What is the difference between justice and mercy?

Father John A. Kiley

The workers in the vineyard who received the same wage after working all day in the Palestinian heat as those late-comers who worked only the last hour as the day began to cool might seem to have a legitimate grievance. Currently, an eight-hour day’s labor at the present minimum wage of $7.25 would net a payment of $58. Rare indeed would be the worker who stood uncomplainingly in line while witnessing a fellow laborer receive fifty-eight dollars for one hour’s work only to be handed the same amount for a full day’s work. Clearly the situation is unjust. And this is precisely Jesus’ point in relating this parable, unique to St. Matthew, about the laborers in the vineyard.

The Kingdom of God is not about justice; the Kingdom of God is about mercy. The parable’s lesson is contained in the landowner’s final words: “My friend, I am not cheating you. Did you not agree with me for the usual daily wage? Take what is yours and go. What if I wish to give this last one the same as you? Or am I not free to do as I wish with my own money? Are you envious because I am generous?” The landowner did not cheat any one of the workers. No one received any less than was promised. The landowner did however choose to be more than generous to the last few workers and for no good reason except that he wanted to be inexplicably charitable. “Am I not free to do as I wish with my own money?” And indeed the landowner is free to do as he is inclined. He clearly meets all prior obligations (i.e., prevailing daily wage) but then chooses to exercise charity, generosity, largesse at his own discretion. This is the difference between justice and mercy. Justice is explicable. Justice can be figured out, estimated, projected. Mercy is inexplicable. Mercy cannot be figured out, exacted or calculated. Unlike justice, mercy cannot be earned. Mercy is entirely in the hands of the donor – who is free to do as one wishes with one’s own resources.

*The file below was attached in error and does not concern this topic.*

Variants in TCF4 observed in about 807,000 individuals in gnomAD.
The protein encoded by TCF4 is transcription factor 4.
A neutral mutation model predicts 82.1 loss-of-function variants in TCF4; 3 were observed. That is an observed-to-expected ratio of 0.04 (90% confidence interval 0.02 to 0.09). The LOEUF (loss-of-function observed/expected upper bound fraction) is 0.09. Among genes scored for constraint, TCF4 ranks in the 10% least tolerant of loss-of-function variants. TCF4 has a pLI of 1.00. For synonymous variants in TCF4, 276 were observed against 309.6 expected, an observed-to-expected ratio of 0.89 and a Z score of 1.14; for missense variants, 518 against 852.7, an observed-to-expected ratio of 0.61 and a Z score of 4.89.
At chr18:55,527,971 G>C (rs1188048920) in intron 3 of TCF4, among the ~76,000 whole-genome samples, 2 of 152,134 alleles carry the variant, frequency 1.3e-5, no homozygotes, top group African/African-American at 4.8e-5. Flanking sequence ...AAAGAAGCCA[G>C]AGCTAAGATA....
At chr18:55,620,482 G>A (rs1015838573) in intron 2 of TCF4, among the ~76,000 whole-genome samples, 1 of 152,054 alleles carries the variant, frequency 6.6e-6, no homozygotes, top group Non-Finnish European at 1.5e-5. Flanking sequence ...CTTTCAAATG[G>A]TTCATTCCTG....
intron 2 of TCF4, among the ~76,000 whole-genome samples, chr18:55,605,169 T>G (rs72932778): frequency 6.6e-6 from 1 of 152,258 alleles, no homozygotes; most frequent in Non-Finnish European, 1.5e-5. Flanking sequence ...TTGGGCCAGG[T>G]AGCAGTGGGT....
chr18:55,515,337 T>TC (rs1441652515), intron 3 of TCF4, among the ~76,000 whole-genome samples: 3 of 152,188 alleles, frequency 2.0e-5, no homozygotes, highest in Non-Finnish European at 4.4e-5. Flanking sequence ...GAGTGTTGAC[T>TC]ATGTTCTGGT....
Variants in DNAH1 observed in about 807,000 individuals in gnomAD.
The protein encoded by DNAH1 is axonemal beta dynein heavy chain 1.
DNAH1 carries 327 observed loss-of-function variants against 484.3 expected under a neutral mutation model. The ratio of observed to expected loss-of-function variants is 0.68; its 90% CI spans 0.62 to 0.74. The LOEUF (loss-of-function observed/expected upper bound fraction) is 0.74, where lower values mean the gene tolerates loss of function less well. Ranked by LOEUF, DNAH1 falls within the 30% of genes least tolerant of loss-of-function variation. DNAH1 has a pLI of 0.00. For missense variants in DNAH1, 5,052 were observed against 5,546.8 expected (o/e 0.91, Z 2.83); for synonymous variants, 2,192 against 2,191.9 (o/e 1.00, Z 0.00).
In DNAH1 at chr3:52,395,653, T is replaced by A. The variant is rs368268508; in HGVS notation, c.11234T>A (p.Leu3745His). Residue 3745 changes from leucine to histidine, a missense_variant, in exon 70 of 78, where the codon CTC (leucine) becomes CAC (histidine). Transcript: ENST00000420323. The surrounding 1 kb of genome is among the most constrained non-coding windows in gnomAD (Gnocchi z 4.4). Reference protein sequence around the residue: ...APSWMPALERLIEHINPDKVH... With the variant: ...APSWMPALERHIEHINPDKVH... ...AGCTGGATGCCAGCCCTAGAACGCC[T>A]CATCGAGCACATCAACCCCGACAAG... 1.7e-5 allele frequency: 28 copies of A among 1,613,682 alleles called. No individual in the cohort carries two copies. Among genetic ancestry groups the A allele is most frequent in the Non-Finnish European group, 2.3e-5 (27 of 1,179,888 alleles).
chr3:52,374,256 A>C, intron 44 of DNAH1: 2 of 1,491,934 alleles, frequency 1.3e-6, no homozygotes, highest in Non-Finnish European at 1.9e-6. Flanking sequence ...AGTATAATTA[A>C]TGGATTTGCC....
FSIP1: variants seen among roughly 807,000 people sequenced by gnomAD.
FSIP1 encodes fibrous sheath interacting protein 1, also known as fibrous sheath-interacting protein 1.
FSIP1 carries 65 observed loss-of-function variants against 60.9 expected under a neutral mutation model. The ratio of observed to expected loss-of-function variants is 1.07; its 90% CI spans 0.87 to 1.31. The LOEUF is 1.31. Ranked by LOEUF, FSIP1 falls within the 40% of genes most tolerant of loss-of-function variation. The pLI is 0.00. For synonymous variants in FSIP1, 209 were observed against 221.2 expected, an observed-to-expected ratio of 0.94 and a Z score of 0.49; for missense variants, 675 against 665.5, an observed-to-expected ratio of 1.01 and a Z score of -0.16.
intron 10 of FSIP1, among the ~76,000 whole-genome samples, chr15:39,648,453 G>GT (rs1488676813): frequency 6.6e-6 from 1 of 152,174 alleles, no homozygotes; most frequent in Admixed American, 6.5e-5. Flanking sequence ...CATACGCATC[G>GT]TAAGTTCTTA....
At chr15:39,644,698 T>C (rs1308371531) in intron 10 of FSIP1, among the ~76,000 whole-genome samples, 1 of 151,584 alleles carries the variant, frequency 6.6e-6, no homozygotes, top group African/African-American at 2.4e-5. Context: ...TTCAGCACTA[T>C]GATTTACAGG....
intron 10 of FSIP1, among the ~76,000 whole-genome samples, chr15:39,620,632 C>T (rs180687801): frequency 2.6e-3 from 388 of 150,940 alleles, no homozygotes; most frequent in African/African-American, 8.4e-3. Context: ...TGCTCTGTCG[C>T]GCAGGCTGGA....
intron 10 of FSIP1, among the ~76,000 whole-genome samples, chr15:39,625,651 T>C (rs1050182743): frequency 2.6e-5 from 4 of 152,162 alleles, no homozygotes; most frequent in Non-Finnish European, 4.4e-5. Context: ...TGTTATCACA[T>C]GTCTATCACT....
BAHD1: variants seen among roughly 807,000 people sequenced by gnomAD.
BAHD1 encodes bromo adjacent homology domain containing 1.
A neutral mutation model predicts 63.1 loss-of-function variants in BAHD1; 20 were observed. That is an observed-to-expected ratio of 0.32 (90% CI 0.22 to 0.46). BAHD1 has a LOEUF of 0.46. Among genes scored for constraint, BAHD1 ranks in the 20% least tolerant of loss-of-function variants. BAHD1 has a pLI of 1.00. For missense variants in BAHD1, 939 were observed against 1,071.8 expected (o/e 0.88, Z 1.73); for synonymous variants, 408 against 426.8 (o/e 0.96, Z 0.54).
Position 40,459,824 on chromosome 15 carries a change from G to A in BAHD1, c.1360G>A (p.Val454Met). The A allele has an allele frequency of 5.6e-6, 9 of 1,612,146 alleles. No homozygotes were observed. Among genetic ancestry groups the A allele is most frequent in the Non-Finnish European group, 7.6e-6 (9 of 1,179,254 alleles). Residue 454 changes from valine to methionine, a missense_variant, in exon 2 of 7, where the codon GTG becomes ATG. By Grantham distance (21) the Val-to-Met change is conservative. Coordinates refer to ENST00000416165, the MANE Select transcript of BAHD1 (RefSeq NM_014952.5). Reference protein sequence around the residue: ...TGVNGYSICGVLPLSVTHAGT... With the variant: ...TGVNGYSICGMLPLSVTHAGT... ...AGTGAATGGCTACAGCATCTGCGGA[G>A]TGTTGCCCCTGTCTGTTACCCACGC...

The landowner’s last words should not be over looked: “Are you envious because I am generous?” Most readers were no doubt raised in a moral universe where certain actions had logical consequences. Persons who said their prayers went to heaven. Persons who defied God went to hell. It was all a matter of justice – if not justice in this world, then justice in the next. A just society cannot tolerate any loose ends. A day’s work merits a pay’s pay. It is all very neat and everyone knows where he or she stands. But a society that knows only justice, a society that knows only a day’s wage for a day’s work, is scandalized by poverty, illness, inequality, ignorance, addiction, irresponsibility and indolence. Justice has no answer to society’s woes. Only generosity can step in and begin to alleviate the daily challenges that face humanity. Perhaps on the face of it, some persons do not deserve a break; some person might not merit the prevailing daily wage. But it is they especially — they whom the Bible labels sinners — that are the subjects of God’s merciful and unaccountable generosity.

It is always salutary to recall that Christ died for each one of us while we were still in our sins. Mankind did not convert and then God responded to man’s reformed state. No, we were quite in our sins and God mercifully took the first step toward redemption. The Jews were not an established people when God selected them as his own and gave them pride of place in salvation history. No, the Jews were a tiny nomadic tribe and then a people of slave laborers when God inexplicably choose them. The Apostles were not polished evangelists when Christ entered into their lives. The first Christians were not all scholars of the law when God favored them. These are all instances of God’s unmerited mercy, of God’s confounding generosity, of God’s humbling liberality.

Mercy is the most divine of God’s qualities — if such a phrase can be employed — because it is the most enigmatic of God’s attributes. Mercy truly goes beyond the human into the divine because it is unfathomable by human standards. God who is goodness itself loves the sinner. God who is all knowing embraces the ignorant. God who is all powerful supports the weak. God who is eternal is concerned about every second of human history. The mercy of God toward his fallible creatures should never evoke envy; it should instead elicit a similar generosity.